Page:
Depending on the grade of the shield ulcer, treatment was advocated as either only medical (sodium cromoglycate 2% or 4% eye drops twice daily; topical corticosteroids: prednisolone acetate 1% or fluorometholone ophthalmic suspension 0.25% in patients with glaucoma 4 to 8 times daily depending on the severity of VKC; antibiotic eye drops 4 times daily; and lubricating eye drops 6 to 8 times daily), medical treatment combined with debridement, or medical treatment combined with AMT. The patients were followed up at weekly intervals until re-epithelialization. For patients who did not show signs of re-epithelialization (decrease in size of epithelial defect of at least 1 mm from the baseline) within 2 weeks, with primary treatment, AMT was carried out. Debridement was carried out either at the slit lamp (topical proparacaine 0.5% ophthalmic solution) or in the operating room (under peribulbar or general anesthesia) by scraping of the base and margin of the ulcer using a no. 15 surgical blade on a Bard Parker handle (Aspen Surgical, Caledonia, Michigan, USA). AMT was carried out in the operating room (under peribulbar or general anesthesia) after debridement or superficial keratectomy, either by using 10-0 monofilament nylon interrupted sutures or fibrin glue (Tisseel Kit; Baxter AG, Vienna, Austria; Figure 3 ). We used AMT in all the cases that required secondary intervention. Superficial keratectomy was carried out by using either a crescent blade (Alcon Surgical, Fort Worth, Texas, USA) or a no. 15 surgical blade on a Bard Parker handle when only debridement failed to remove the inflammatory debris or plaque.

Figure 3

Bar graphs showing (Left) incidence of shield ulcer in each year from 2000 through 2009 and (Right) seasonal variation of shield ulcers during the study period. VKC = vernal keratoconjunctivitis.

After debridement or AMT, 0.5 ml supratarsal dexamethasone sodium phosphate (4 mg/mL), or triamcinolone acetonide (40 mg/mL) was administered in eyes with palpebral and mixed forms of VKC based on severity. Patients with pain and suspicious clinical signs (collagenolysis and hypopyon) underwent debridement and microbiological work-up. The samples obtained using a No. 15 surgical blade on a Bard Parker handle were sent for direct smear examination (Gram’s, Giemsa, and potassium hydroxide) and culture examination. The samples were inoculated directly onto blood agar, chocolate agar, nonnutrient agar with Escherichia coli overlay, Sabouraud dextrose agar, potato dextrose agar, thioglycollate broth, and brain heart infusion broth. The treatment of these patients was modified based on smear and culture results. Preparation and preservation of the amniotic membrane was carried out following the standard method as previously described.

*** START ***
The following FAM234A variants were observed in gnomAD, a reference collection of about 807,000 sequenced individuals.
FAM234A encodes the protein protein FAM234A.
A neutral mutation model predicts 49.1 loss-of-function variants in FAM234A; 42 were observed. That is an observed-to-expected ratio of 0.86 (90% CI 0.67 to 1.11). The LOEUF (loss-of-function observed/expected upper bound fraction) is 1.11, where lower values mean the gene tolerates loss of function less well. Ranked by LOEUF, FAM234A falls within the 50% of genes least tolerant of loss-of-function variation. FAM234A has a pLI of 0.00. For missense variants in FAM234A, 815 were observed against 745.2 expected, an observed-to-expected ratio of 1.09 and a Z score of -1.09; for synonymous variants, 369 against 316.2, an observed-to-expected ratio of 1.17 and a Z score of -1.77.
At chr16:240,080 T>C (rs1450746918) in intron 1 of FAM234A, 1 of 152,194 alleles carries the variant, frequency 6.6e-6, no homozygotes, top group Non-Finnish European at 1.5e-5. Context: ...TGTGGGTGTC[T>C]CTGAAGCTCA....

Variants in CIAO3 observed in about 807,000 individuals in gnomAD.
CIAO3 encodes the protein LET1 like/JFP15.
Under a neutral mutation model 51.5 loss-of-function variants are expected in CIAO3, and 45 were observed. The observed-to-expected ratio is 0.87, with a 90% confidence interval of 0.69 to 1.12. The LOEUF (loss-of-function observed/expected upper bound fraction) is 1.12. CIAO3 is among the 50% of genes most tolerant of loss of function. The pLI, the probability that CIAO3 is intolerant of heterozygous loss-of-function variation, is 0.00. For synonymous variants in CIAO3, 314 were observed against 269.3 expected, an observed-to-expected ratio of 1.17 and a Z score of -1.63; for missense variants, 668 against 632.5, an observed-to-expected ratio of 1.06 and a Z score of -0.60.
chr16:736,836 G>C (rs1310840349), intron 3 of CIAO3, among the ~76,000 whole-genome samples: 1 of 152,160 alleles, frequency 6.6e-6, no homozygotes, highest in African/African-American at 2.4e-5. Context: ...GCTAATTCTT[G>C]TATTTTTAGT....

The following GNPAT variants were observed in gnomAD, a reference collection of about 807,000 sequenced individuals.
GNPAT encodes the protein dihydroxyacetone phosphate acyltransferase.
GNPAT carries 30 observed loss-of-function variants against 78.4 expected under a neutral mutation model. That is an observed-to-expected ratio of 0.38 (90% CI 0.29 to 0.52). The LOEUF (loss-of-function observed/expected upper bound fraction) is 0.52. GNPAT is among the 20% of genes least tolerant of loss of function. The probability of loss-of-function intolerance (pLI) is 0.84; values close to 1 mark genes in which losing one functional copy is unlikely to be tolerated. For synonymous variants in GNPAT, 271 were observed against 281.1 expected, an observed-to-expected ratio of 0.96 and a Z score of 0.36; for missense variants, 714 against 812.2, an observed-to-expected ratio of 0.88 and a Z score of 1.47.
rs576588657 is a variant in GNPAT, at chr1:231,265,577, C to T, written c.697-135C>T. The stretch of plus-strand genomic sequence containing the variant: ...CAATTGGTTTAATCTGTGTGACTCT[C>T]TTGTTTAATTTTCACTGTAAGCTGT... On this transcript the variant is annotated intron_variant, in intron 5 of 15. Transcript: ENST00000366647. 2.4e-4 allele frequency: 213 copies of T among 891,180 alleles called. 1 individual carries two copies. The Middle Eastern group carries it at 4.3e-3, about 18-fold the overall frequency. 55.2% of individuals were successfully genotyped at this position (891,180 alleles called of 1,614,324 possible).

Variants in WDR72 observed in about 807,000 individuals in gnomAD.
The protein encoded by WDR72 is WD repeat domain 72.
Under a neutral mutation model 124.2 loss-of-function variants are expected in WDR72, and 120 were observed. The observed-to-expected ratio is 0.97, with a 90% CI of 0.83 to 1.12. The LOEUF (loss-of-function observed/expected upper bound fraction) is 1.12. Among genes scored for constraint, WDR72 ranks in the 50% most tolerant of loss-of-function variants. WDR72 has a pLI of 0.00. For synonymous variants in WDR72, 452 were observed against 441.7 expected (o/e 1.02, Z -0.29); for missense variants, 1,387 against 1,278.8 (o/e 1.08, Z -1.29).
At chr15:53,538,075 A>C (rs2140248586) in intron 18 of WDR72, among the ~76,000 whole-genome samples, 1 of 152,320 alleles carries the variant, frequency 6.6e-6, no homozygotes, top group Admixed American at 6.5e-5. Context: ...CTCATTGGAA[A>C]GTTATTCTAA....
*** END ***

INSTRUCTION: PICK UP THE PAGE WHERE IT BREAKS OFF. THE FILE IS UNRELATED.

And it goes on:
Main Outcome Measures

Corneal re-epithelialization time and BCVA after re-epithelialization in every subgroup of shield ulcers and after different interventions were the primary outcome measures. Re-epithelialization was defined as absence of an epithelial defect (fluorescein staining) as depicted in the chart diagram at the latest visit. The secondary outcome measures were complications including recurrence and microbial keratitis.



The baseline clinical characteristics are summarized in Table 1 . During the study period, the overall incidence of shield ulcers was 4.6% and the annual incidence ranged from 3% to 8% ( Figure 3 , Right). A total of 193 eyes of 163 patients were included in the study. Of these, 71 eyes had grade 1 shield ulcer, 79 eyes had grade 2 shield ulcer, and 43 had grade 3 shield ulcer or plaque. All grades showed a male predominance (males, 89% [145/163]; females, 11% [11/163]). Bilateral shield ulcers were seen in 18% (30/163) of patients, of whom 53% (16/30) had simultaneous bilateral shield ulcers. Simultaneous bilateral similar-grade shield ulcers were seen in 87.5% (14/16) of patients. (grade 1 in 6, grade 2 in 4 and grade 3 in 4) Of the nonsimultaneous shield ulcers, 43% (6/14) were of a different grade. The mean interval between shield ulcers in nonsimultaneous eyes was 44 weeks (range, 6 to 166 weeks). The size of the shield ulcers at presentation varied from 0.5 × 1 mm to 6.5 × 7.7 mm in the grade 1 group, 0.5 × 1 mm to 4.5 × 7.2 mm in the grade 2 group, and 1 × 1.5 mm to 4.8 × 9 mm in the grade 3 group. History of atopy was seen in 13 patients (8%; asthma, n = 9; atopic dermatitis, n = 4) patients. The mean duration of VKC before presentation was 30 months (median, 24 months; range, 1 to 180 months). The mean duration of symptoms of present exacerbation was 40 days (median, 27 days; range, 1 to 365 days).